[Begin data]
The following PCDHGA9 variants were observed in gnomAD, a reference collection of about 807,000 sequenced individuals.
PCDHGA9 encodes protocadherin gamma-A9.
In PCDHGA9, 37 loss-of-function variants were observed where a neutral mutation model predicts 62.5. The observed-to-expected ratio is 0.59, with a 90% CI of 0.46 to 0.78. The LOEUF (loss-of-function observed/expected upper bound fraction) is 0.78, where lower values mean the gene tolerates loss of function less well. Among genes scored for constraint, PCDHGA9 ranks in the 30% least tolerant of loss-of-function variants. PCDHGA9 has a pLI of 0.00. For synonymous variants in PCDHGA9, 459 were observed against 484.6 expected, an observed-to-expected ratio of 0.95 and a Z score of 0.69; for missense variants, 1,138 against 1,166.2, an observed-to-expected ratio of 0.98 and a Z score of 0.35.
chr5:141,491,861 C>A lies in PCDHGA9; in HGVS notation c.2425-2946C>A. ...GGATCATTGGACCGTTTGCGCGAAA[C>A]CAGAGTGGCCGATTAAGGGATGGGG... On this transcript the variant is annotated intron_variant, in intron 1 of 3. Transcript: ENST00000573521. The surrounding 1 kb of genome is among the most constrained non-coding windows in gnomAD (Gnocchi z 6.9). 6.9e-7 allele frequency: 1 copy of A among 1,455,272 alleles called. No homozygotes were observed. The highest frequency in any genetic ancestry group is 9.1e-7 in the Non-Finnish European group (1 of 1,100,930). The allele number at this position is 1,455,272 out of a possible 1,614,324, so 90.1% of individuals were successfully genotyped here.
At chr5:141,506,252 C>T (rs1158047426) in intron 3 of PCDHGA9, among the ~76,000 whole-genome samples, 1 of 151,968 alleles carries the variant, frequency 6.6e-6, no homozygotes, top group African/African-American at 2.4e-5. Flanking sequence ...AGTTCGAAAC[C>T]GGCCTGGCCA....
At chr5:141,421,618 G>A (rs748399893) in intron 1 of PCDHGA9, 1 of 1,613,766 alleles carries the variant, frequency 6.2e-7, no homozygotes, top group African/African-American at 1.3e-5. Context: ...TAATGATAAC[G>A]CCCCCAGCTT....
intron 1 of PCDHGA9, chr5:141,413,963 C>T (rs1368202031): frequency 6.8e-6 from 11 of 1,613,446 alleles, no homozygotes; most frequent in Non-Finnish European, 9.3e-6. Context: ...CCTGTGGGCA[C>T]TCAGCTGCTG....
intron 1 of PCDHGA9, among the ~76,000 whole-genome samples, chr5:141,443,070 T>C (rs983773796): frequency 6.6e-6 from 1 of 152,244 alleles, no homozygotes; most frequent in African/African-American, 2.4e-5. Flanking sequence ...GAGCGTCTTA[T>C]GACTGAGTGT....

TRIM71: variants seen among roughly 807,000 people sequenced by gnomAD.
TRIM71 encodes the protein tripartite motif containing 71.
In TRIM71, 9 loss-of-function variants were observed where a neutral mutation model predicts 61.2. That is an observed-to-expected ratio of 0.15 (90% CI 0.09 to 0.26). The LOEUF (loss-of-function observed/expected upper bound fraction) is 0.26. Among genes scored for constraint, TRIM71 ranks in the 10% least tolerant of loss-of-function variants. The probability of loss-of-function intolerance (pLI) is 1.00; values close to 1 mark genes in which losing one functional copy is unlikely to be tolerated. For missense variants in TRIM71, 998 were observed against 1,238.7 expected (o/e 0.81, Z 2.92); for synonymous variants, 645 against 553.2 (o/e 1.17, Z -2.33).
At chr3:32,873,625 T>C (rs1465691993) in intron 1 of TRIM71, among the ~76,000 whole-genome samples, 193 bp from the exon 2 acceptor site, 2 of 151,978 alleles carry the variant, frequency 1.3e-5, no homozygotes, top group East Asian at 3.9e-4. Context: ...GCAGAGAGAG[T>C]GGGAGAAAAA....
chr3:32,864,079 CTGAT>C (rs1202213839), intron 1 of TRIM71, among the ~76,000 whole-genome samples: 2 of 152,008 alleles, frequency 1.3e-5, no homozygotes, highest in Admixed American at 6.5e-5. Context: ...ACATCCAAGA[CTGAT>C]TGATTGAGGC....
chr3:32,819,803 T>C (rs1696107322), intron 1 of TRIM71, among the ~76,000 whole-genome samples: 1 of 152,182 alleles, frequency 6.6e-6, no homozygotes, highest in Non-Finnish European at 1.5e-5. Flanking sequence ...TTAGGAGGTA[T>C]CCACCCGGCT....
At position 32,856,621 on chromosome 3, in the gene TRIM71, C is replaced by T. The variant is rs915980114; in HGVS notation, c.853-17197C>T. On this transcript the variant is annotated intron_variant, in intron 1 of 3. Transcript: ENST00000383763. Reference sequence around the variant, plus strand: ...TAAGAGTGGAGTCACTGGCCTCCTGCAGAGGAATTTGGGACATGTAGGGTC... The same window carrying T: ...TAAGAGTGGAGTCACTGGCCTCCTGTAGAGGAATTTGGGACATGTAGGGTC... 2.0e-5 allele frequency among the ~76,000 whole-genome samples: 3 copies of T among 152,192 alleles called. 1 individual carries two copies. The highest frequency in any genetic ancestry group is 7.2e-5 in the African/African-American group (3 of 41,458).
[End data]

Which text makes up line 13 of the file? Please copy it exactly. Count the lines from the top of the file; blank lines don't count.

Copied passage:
chr3:32,864,079 CTGAT>C (rs1202213839), intron 1 of TRIM71, among the ~76,000 whole-genome samples: 2 of 152,008 alleles, frequency 1.3e-5, no homozygotes, highest in Admixed American at 6.5e-5. Context: ...ACATCCAAGA[CTGAT>C]TGATTGAGGC....